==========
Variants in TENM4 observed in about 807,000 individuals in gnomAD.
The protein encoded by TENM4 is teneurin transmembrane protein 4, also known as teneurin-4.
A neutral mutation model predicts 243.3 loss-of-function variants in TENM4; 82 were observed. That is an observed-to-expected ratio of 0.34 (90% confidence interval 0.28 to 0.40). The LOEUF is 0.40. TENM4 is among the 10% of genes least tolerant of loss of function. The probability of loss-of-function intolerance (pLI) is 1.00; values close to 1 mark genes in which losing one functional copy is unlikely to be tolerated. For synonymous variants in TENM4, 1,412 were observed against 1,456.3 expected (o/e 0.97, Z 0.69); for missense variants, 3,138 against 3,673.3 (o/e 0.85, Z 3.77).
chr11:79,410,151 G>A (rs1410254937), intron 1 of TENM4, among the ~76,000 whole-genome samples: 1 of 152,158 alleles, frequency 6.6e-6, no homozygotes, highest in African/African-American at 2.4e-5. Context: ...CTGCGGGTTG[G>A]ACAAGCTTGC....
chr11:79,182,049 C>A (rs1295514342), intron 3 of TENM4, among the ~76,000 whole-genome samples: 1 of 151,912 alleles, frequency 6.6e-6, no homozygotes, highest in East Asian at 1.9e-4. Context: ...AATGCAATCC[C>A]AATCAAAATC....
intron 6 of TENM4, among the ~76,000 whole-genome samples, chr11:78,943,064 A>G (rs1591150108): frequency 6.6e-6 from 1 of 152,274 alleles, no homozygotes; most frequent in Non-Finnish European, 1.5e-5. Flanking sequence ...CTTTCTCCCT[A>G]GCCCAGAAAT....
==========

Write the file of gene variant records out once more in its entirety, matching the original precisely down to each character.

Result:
Variants in TENM4 observed in about 807,000 individuals in gnomAD.
The protein encoded by TENM4 is teneurin transmembrane protein 4, also known as teneurin-4.
A neutral mutation model predicts 243.3 loss-of-function variants in TENM4; 82 were observed. That is an observed-to-expected ratio of 0.34 (90% confidence interval 0.28 to 0.40). The LOEUF is 0.40. TENM4 is among the 10% of genes least tolerant of loss of function. The probability of loss-of-function intolerance (pLI) is 1.00; values close to 1 mark genes in which losing one functional copy is unlikely to be tolerated. For synonymous variants in TENM4, 1,412 were observed against 1,456.3 expected (o/e 0.97, Z 0.69); for missense variants, 3,138 against 3,673.3 (o/e 0.85, Z 3.77).
chr11:79,410,151 G>A (rs1410254937), intron 1 of TENM4, among the ~76,000 whole-genome samples: 1 of 152,158 alleles, frequency 6.6e-6, no homozygotes, highest in African/African-American at 2.4e-5. Context: ...CTGCGGGTTG[G>A]ACAAGCTTGC....
chr11:79,182,049 C>A (rs1295514342), intron 3 of TENM4, among the ~76,000 whole-genome samples: 1 of 151,912 alleles, frequency 6.6e-6, no homozygotes, highest in East Asian at 1.9e-4. Context: ...AATGCAATCC[C>A]AATCAAAATC....
intron 6 of TENM4, among the ~76,000 whole-genome samples, chr11:78,943,064 A>G (rs1591150108): frequency 6.6e-6 from 1 of 152,274 alleles, no homozygotes; most frequent in Non-Finnish European, 1.5e-5. Flanking sequence ...CTTTCTCCCT[A>G]GCCCAGAAAT....